May 24, 2005 1:43 PM Posted by detroit1051

Ben said, >>There is certainly room for expansion in Vegas but developers should focus on the middle/upper-middle market.<<

I think MGM Mirage recognizes that and is positioning all their properties to welcome middle/upper-middle and high-end customers. MGM Grand, which was low-middle market when it opened now has been repositioned to cater to all market segments from tour groups to conventions to high-end. Bellagio seems to be the reverse to me. It still caters to high-end, but some of their packages and rates are clearly designed for mid-market. Same with Venetian. Wynn doesn't have this capability. A $3 Billion property has to stick with high-end customers and players to make it. It will be interesting to see how it all shakes out. I'm looking forward to being at Wynn in three weeks or so.

Tom commented on the high-end condos. I just don't get the condo hotels like MGM's Residences. A million bucks for a two bedroom condo which is like three standard hotel rooms put together. It gives MGM added room capacity when these suites are rented out by the owners, and the owners pay to build the additional capacity.
Vegas is fascinating business!

March 10, 2006 9:34 PM Posted by Troy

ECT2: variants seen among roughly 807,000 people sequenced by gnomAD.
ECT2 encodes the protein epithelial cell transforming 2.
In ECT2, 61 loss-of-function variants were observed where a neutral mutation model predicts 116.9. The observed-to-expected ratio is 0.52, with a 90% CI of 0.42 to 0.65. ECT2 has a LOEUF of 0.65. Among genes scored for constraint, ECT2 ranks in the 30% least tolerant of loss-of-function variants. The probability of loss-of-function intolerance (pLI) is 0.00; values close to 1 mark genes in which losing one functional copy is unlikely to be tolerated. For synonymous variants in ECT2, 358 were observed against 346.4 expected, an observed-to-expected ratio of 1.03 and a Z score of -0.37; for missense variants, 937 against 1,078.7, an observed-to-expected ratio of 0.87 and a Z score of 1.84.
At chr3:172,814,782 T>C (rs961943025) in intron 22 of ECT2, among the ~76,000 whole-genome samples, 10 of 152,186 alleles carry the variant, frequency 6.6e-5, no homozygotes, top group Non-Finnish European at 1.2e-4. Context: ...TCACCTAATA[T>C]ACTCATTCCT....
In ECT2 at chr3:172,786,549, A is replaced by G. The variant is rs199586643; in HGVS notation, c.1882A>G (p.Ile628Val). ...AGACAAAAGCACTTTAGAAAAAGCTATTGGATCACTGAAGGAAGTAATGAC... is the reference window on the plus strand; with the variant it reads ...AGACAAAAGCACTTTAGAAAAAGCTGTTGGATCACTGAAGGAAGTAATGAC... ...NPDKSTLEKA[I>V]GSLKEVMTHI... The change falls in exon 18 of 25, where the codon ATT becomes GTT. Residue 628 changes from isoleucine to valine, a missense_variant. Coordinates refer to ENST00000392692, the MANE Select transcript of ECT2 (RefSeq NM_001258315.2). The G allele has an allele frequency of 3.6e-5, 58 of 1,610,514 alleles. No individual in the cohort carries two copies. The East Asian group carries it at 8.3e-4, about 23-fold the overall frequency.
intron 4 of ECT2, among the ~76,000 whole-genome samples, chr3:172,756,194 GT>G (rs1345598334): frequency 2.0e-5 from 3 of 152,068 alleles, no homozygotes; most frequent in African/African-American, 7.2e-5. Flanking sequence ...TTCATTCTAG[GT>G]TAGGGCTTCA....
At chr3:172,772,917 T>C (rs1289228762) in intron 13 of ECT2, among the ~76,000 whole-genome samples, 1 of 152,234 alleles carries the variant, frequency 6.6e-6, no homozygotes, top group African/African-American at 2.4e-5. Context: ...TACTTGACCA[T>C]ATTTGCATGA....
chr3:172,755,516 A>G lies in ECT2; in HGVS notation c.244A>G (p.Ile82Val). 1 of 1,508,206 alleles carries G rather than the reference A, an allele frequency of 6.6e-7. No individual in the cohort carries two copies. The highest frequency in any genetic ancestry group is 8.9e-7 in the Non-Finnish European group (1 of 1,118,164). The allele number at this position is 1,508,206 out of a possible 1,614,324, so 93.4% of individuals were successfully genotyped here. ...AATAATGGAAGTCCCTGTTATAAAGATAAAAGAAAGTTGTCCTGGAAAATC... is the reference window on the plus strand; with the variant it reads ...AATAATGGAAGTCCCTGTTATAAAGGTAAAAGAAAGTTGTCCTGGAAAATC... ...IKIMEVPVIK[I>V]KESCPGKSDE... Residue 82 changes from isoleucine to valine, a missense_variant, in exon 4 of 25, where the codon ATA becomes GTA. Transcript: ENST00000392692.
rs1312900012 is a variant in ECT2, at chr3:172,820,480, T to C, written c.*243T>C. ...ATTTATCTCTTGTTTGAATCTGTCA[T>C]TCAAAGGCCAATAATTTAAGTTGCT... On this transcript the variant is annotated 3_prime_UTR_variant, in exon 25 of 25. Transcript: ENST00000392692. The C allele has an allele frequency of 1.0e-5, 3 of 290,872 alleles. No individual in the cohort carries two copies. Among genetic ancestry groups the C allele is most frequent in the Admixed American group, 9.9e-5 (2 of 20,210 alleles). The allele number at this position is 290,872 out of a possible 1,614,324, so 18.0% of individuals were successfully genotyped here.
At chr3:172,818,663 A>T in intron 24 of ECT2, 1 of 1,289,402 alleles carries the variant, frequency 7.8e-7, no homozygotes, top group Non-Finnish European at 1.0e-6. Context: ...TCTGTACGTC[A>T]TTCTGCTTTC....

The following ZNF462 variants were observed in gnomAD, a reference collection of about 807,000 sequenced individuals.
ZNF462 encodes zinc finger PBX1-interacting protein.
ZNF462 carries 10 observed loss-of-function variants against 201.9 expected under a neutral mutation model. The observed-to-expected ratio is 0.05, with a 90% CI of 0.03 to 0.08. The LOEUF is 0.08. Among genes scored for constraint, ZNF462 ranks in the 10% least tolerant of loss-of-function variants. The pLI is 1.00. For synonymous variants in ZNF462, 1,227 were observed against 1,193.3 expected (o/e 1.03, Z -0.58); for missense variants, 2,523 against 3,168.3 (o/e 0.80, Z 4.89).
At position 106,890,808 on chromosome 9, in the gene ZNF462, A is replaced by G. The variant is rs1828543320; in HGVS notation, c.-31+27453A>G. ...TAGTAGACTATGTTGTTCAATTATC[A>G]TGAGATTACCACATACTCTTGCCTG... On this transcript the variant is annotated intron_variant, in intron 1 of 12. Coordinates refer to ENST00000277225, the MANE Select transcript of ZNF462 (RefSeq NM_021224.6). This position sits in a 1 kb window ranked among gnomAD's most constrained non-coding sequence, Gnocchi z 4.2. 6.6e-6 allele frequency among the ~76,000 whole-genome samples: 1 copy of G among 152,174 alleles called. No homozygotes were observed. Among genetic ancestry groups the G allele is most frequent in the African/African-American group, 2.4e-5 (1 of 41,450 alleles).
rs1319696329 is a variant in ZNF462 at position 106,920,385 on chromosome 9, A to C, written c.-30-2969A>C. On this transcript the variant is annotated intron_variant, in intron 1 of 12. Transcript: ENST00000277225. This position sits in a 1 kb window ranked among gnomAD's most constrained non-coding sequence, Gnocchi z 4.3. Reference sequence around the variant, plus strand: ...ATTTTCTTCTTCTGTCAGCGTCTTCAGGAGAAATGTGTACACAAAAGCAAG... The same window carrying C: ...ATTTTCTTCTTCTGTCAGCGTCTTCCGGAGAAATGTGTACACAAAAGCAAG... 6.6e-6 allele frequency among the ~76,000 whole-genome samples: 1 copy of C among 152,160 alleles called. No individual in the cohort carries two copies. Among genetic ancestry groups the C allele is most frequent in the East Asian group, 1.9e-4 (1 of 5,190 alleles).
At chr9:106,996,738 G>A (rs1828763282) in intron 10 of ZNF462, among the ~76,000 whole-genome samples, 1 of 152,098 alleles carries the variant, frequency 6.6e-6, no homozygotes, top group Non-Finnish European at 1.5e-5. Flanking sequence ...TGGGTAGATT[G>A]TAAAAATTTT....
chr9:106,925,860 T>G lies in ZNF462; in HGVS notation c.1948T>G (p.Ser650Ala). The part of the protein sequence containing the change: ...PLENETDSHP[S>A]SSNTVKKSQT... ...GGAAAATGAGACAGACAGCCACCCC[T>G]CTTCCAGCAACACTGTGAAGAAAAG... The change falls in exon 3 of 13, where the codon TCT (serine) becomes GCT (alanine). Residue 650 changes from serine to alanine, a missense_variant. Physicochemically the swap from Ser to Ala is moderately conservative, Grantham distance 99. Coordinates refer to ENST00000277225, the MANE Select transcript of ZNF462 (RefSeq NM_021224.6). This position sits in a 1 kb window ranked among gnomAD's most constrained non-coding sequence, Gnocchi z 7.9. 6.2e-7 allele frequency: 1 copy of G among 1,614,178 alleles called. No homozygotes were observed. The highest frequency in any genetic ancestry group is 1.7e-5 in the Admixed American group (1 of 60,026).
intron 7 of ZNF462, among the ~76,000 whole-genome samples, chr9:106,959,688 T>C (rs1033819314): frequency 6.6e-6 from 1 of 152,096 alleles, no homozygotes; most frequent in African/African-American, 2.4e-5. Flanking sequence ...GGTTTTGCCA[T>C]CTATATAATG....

Ben said, >>There is certainly room for expansion in Vegas but developers should focus on the middle/upper-middle market.

You obviously don't know Las Vegas. It is in the Top 5 of vacation destinations in the world. It is the top international destination for foreigners coming to the US. The demand for Las Vegas rooms is at over 95%. Compare that to Hawaii, Orlando, or even New York. Las Vegas hotels are cheap compared to anything of their nature in another Metropolitan area. (Chicago, Miami, Los Angeles, NY, DC and more...)

I think that you underestimate the number of business travelers who travel to Las Vegas as well. The room rates in Las Vegas are NOT based on how much the casino cost. They are based on demand. If they were, it would not be the Wynn or Bellagio's rooms that are the most expensive, but Caesar's Palace (when totaled, CP cost more than 8 Billion in it's entirety).

Lastly, due to the removal of numerous lower-end properties (Boardwalk, Stardust, and Westward Ho), the properties that are left will have even less vacancy. Think their rates might climb a bit? It's my hypothesis, that this is why Tropicana, New Frontier, and Imperial Palace have yet to announce anything. Everyone else keeps jumping in front of them, driving their earnings by a few points.

March 12, 2006 8:43 AM Posted by devon

where'd you get 8 billion for the cost of CP??